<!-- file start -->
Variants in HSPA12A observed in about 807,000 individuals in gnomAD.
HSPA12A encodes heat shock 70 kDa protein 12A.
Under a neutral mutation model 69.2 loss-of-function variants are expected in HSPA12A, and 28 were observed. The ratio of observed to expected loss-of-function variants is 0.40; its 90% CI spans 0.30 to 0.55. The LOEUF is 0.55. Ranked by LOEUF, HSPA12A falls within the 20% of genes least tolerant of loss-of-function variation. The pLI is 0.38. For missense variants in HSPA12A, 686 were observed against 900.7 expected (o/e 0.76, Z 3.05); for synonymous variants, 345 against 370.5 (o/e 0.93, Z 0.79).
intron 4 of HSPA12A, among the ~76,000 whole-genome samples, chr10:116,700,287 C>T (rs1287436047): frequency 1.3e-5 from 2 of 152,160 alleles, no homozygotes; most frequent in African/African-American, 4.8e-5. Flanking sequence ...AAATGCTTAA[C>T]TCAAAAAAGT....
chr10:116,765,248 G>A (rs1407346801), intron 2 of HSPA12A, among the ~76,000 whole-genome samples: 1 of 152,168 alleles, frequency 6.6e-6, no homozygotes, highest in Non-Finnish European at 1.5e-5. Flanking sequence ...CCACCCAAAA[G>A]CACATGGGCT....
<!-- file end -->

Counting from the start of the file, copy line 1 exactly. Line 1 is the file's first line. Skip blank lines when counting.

Variants in HSPA12A observed in about 807,000 individuals in gnomAD.